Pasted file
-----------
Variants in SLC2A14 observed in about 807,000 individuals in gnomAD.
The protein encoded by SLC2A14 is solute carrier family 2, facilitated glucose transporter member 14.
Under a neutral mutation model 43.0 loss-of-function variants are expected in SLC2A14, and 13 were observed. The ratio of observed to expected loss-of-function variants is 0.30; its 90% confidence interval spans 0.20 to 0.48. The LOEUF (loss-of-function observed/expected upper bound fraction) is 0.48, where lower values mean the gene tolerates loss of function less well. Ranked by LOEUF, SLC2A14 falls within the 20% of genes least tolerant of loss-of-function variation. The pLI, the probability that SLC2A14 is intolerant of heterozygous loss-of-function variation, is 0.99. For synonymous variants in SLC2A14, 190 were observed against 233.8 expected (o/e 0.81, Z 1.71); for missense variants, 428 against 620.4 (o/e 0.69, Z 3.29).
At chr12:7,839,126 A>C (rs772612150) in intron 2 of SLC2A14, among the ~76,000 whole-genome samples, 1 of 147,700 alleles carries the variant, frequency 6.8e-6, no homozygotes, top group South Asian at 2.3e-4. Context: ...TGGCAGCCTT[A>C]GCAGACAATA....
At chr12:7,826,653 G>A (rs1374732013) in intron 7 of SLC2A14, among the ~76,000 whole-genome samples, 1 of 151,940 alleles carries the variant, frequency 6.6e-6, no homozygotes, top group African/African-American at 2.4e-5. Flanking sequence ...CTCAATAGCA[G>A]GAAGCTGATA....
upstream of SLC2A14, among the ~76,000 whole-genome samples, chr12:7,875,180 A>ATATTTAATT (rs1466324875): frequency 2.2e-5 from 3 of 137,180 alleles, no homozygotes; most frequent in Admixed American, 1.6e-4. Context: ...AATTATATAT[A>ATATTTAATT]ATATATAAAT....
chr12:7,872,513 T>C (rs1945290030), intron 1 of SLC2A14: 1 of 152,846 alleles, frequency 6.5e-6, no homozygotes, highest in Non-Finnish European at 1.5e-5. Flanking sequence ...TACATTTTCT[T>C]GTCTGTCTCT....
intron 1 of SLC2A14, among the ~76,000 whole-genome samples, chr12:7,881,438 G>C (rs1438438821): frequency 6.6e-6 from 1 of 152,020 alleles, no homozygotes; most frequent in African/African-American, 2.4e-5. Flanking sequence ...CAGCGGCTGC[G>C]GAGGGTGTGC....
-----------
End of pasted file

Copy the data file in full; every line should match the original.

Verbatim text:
Variants in SLC2A14 observed in about 807,000 individuals in gnomAD.
The protein encoded by SLC2A14 is solute carrier family 2, facilitated glucose transporter member 14.
Under a neutral mutation model 43.0 loss-of-function variants are expected in SLC2A14, and 13 were observed. The ratio of observed to expected loss-of-function variants is 0.30; its 90% confidence interval spans 0.20 to 0.48. The LOEUF (loss-of-function observed/expected upper bound fraction) is 0.48, where lower values mean the gene tolerates loss of function less well. Ranked by LOEUF, SLC2A14 falls within the 20% of genes least tolerant of loss-of-function variation. The pLI, the probability that SLC2A14 is intolerant of heterozygous loss-of-function variation, is 0.99. For synonymous variants in SLC2A14, 190 were observed against 233.8 expected (o/e 0.81, Z 1.71); for missense variants, 428 against 620.4 (o/e 0.69, Z 3.29).
At chr12:7,839,126 A>C (rs772612150) in intron 2 of SLC2A14, among the ~76,000 whole-genome samples, 1 of 147,700 alleles carries the variant, frequency 6.8e-6, no homozygotes, top group South Asian at 2.3e-4. Context: ...TGGCAGCCTT[A>C]GCAGACAATA....
At chr12:7,826,653 G>A (rs1374732013) in intron 7 of SLC2A14, among the ~76,000 whole-genome samples, 1 of 151,940 alleles carries the variant, frequency 6.6e-6, no homozygotes, top group African/African-American at 2.4e-5. Flanking sequence ...CTCAATAGCA[G>A]GAAGCTGATA....
upstream of SLC2A14, among the ~76,000 whole-genome samples, chr12:7,875,180 A>ATATTTAATT (rs1466324875): frequency 2.2e-5 from 3 of 137,180 alleles, no homozygotes; most frequent in Admixed American, 1.6e-4. Context: ...AATTATATAT[A>ATATTTAATT]ATATATAAAT....
chr12:7,872,513 T>C (rs1945290030), intron 1 of SLC2A14: 1 of 152,846 alleles, frequency 6.5e-6, no homozygotes, highest in Non-Finnish European at 1.5e-5. Flanking sequence ...TACATTTTCT[T>C]GTCTGTCTCT....
intron 1 of SLC2A14, among the ~76,000 whole-genome samples, chr12:7,881,438 G>C (rs1438438821): frequency 6.6e-6 from 1 of 152,020 alleles, no homozygotes; most frequent in African/African-American, 2.4e-5. Flanking sequence ...CAGCGGCTGC[G>C]GAGGGTGTGC....